• Print
  • Default text size A
  • Larger text size A
  • Largest text size A

5 of the best foreign stock funds

Foreign markets have slumped but may offer bargains for long-term investors. Here are five funds to consider.

  • By Mark McLaughlin,
  • Fidelity Interactive Content Services
  • – 02/13/2014
  • Emerging Markets
  • Facebook.
  • Twitter.
  • LinkedIn.
  • Google Plus
Please enter a valid e-mail address
Please enter a valid e-mail address
Important legal information about the e-mail you will be sending. By using this service, you agree to input your real e-mail address and only send it to people you know. It is a violation of law in some jurisdictions to falsely identify yourself in an e-mail. All information you provide will be used by Fidelity solely for the purpose of sending the e-mail on your behalf.The subject line of the e-mail you send will be "Fidelity.com: "

Your e-mail has been sent.

With global stocks wobbling this year, it may be tempting to look for stability and safety close to home. For long-term investors, however, this may be a prime time to swoop in and add some foreign funds to your portfolio.

Foreign stocks tend to trade at a discount to the U.S., and that discount has widened in recent years as U.S. stocks have surged, outperforming their foreign counterparts.

European stocks are now 13% cheaper than the U.S. when comparing stock prices to forecast earnings, while Japanese stocks trade at a 9% discount, according to index provider MSCI. Emerging markets are even cheaper, trading around 40% below developed-market stocks, the deepest discount in eight years, according to BlackRock chief investment strategist Russ Koesterich.

"International markets are significantly cheaper across all metrics,'' says Jed Weiss, manager of the Fidelity International Growth Fund (FIGFX). "They're also somewhat less efficient markets [than the U.S.] and provide better opportunities for stock pickers."

Troubles abroad

Foreign stocks are on sale for a reason. Europe's economy is growing less than 1% a year. Japan faces a host of economic woes that could pressure corporate profits. And emerging markets are being battered by a slowdown in China, weaker currencies and fears of slower growth.

Yet some analysts argue these issues are now reflected in the discounted prices of foreign stocks.

"The U.S. market has been on quite a run and that's made many investors doubt the benefits of foreign investing,'' says Paul Jacobs, chief investment officer for Scarsdale, N.Y.-based financial planning firm Palisades Hudson. "But the U.S. can't outperform forever."

Diversification benefits

Ideally, Jacobs recommends that long-term investors hold 35% of their stock portfolios in foreign stocks, diversified globally.

Because international stocks don't move in lockstep with domestic stocks, adding some foreign exposure to a portfolio of U.S. stocks can reduce risk and boost returns.

Indeed, from 1997 to 2013, a portfolio of global stocks beat a U.S. stock portfolio by an average of two points a year, according to a study by investment firm Gerstein Fisher.

To find compelling fund choices, we asked Lipper to screen for top-performing no-load funds in the major non-U.S. stock categories over the past five years. In addition to strong returns, we sought funds with reasonable expenses and experienced managers with a consistent investment approach.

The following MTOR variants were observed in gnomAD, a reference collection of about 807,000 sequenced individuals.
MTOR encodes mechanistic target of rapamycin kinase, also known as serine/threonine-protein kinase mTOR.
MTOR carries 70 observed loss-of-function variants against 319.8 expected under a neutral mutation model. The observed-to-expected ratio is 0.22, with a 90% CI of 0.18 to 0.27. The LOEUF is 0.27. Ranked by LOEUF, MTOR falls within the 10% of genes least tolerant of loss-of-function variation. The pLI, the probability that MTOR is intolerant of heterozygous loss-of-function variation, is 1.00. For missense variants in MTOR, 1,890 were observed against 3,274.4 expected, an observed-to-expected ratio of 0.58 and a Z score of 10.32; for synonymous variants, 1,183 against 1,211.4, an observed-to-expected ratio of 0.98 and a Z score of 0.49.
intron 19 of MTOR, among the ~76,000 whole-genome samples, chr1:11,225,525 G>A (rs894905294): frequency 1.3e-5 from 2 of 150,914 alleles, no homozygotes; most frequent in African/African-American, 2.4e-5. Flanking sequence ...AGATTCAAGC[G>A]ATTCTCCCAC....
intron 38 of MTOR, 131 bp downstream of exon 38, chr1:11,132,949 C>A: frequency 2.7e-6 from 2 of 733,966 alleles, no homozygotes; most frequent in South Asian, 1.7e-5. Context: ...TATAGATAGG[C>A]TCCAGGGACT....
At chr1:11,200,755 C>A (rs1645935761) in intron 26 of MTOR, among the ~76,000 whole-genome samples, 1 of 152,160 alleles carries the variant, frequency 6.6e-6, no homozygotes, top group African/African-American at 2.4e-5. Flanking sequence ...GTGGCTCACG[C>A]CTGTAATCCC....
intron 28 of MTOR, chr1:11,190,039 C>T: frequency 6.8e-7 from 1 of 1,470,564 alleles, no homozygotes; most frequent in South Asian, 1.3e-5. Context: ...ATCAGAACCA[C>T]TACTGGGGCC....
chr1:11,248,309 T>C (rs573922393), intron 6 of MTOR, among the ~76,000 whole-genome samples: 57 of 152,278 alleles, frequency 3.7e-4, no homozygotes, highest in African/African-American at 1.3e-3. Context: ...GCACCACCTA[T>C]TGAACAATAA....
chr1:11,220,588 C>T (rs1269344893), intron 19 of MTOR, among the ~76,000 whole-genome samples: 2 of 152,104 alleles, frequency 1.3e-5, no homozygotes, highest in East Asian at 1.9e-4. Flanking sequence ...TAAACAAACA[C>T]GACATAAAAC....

Here are five funds to consider, based on the results of the Lipper screen. These are not recommendations but rather ideas for further research. And remember: Foreign stock investments pose currency risks, can be highly volatile, and should be used as part of a well-diversified portfolio.

Madison NorthRoad International Fund

  • Ticker symbol: NRIEX

The managers of this fund now see the biggest bargains in Europe and the United Kingdom, where they hold 85% of the fund's investments.

Top holdings like beverage company Diageo (DEO) and electrical equipment maker Schneider Electric (SBGSF) have been punished for being domiciled in Europe, says co-manager Jim Shore. Yet they're solidly profitable and have long-term growth potential. "We're not buying distressed assets or beaten up companies requiring massive reorganization," he says.

Sticking with high-quality stocks has helped the fund's volatility stay below-average, according to Morningstar, while its returns beat 85% of rivals over the past five years.

Key risks: The fund is mainly a play on a rebound in European markets, which could slump if the region's economy doesn't pick up.

Matthews Asia Growth

  • Ticker symbol: MPACX

The price of admission to this fund is annual earnings growth of 15% to 25%. Companies must also have "pricing power" and plenty of cash flows to expand their business, says lead manager Taizo Ishida.

The fund now favors stocks catering to the Asian consumer like Sands China (SCHYY), a leading casino operator in Macao, and Japanese automakers Toyota (TM) and Honda (HMC).

Overall, returns have averaged 19.2% over the past five years, beating 96% of Pacific/Asia funds, according to Morningstar.

Key risks: The fund's focus on the Far East could be a detriment if Asian markets slump.

Fidelity International Growth

  • Ticker symbol: FIGFX

As manager of this fund, Weiss looks for a few key attributes in a stock: multi-year growth, high "barriers to entry" and a compelling entry point.

Many stocks that pass his tests can now be found in Europe. Top holdings include big global names like Roche (RHHBY), Nestle (NSRGY) and Prudential PLC (PUK). Weiss also sees opportunities in Japan, including technology companies he says are harnessing the same trends driving U.S. tech stocks, but trading at cheaper prices.

"Japan is one of the few corners of the world where stocks can go up 50% and still be ridiculously cheap," he says.

Key risks: Weiss holds 14% of the fund's investments in U.S. stocks and performance could lag pure-play foreign rivals if the U.S. market falters.

Northern Multi-Manager Emerging Markets Equity

  • Ticker symbol: NMMEX

Emerging markets are highly volatile, but they offer exposure to some of the world's fastest growing regions and companies. Active managers can avoid the trouble spots, moreover, finding investments that still look attractive.